Today, we are going to tar and compress (or gzip) the files contained within a specified
directory and then pipe the data through a Netcat client. The "–w" option can provide a few seconds of delay prior to a time-out. This covers the problem of temporary disconnects and intermitent traffic flow.
Moving the file from a listener to the netcat client.
- A listener.
# nc -l -p 53 < /tmp/the_file_name.bin
- The client.
Pushing a file from the client to the netcat listener.
- A listener.
# nc -l -p 53 > /tmp/the_file_we_want_to_copy.bin
- The client.
#nc [IP_Address_of_Listener] 53 < /tmp/The_File_we_saved.bin
Just the reverse of what we did at first. This allows the sending or receiving of files. These files are sent in binary format, but this also allows text to be sent. Some issues can occur (and require translation) when sending from *NIX to Windows and visa versa.
And of course if netcat is not installed on the client, we can still use a makeshift client such as:
# cat /etc/passwd> /dev/tcp/[IP_Address_of_Listener]/[Listener_Port]Filtering connections
An exercise to try is to setup restrictions on the source IP that is allowed to connect. Netcat can be configured to accept connections only from a predefined source IP address. This makes the connection operate like TCP_Wrappers and is seminal to a firewall for the individual service.
Sending compressed files
In this example, the data received is piped into tar. By running tar with the “v” option (or verbose) we can see the filenames - they are printed to SDOUT (generally the screen). Omit this if you want to script this or otherwise automate this process (less noise).
To compress the output, also run tar with the “z” flag. This will automatically run the gzip compression program over the output.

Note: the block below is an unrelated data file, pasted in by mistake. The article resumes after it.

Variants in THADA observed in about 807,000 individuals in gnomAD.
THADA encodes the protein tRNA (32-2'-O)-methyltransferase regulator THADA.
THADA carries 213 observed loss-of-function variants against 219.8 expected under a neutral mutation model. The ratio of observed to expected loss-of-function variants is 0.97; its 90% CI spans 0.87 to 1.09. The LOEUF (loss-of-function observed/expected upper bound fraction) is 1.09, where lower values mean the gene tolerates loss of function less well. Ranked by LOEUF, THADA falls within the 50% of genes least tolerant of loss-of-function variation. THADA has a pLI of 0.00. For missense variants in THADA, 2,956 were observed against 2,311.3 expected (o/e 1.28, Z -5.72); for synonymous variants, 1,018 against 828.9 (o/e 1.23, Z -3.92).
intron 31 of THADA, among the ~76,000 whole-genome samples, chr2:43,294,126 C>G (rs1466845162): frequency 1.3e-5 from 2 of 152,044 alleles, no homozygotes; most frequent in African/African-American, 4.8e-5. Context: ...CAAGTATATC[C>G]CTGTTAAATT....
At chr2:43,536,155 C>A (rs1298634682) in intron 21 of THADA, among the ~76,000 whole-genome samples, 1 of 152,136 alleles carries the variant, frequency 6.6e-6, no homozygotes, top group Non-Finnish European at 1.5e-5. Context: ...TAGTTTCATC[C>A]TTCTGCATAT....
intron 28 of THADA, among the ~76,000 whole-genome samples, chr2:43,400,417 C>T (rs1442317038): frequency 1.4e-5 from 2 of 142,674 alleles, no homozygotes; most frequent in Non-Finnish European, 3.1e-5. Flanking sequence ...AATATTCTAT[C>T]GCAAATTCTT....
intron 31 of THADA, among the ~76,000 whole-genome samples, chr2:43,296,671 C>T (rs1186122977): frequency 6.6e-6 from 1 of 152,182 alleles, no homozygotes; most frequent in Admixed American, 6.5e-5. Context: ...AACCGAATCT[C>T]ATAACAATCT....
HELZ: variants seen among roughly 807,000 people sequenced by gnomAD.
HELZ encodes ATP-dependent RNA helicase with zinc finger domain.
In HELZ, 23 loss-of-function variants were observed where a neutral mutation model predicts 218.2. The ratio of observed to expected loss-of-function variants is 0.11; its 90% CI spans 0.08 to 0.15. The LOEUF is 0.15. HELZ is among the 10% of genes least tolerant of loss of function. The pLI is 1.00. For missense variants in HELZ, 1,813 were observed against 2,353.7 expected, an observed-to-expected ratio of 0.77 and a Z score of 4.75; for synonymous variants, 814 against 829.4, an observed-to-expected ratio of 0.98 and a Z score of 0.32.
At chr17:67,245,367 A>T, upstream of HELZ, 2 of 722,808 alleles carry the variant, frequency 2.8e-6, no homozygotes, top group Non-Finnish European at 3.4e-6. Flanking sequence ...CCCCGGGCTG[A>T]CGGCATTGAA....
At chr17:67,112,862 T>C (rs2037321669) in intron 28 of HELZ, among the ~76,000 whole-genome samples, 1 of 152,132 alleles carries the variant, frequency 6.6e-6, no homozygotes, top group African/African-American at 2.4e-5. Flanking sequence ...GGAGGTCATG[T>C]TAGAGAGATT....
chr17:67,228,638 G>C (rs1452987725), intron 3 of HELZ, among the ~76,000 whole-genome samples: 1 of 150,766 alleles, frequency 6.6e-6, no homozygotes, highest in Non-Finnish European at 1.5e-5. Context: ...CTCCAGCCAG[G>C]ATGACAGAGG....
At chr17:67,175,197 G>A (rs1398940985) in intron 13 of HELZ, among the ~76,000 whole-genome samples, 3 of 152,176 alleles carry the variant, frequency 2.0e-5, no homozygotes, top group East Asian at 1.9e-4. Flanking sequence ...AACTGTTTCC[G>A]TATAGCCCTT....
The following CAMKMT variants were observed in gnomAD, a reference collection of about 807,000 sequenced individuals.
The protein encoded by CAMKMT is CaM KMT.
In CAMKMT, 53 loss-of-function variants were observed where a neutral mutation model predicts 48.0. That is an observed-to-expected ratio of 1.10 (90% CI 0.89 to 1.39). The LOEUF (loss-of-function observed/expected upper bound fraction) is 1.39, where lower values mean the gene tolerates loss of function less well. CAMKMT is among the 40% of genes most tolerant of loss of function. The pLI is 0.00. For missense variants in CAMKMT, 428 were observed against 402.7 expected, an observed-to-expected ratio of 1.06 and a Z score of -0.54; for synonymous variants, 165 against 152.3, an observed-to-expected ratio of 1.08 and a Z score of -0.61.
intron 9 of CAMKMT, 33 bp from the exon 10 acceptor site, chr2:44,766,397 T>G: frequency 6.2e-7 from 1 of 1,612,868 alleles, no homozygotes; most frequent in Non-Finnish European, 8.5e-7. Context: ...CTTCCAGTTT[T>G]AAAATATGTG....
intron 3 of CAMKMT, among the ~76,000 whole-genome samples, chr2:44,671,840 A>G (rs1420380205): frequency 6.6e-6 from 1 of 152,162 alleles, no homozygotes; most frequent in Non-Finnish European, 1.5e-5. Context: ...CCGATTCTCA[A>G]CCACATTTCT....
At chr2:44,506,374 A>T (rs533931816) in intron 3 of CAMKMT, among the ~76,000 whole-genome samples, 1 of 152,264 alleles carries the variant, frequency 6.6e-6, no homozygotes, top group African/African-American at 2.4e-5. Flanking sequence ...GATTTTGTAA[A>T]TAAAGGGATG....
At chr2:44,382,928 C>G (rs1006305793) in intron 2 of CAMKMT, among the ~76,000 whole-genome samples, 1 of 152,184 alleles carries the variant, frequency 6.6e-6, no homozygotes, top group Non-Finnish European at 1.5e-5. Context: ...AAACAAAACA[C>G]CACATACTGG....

Note: Not all implementations of tar support the “z” flag and it may be necessary to pipe the tar’d output to gzip in a separate step.
To do this we use the commands:
or for an entire directory, just:
# tar cfpz - /[directory_path] /bin/nc –w 3 [Destination_Host_IP] [Listener-Port]
# nc –l -p [Listener-Port] tar xfpvz -
On the listener we reverse the process in this example and restore the files.
For the details on how to use tar see: http://www.linuxcommand.org/man_pages/tar1.html
Together, dd and netcat make a great way to either backup a system (and all slack etc) or to remotely obtain a forensically sound copy of a partition, drive, memory etc. Say we want to make an image of /dev/hdb1 (a partition, but the entire drive can also be copied with /dev/hdb) we can use the following commands:
# dd if=/dev/hda1 nc –v –w 15 [Netcat_Listener_IP] 1200
# nc –l –v –w 15 -p 1200 dd of=/tmp/image_hdb.dd
There are other options with dd that can be incorporated and I have these in other posts. In this case I have used TCP 1200 as the port, but this can be anything that is not in use. Also, UDP can be used as well, but there is a larger chance of error.
This image can now be cloned to other hosts, used as a backup to be restored the original if needed or used for forensic analysis.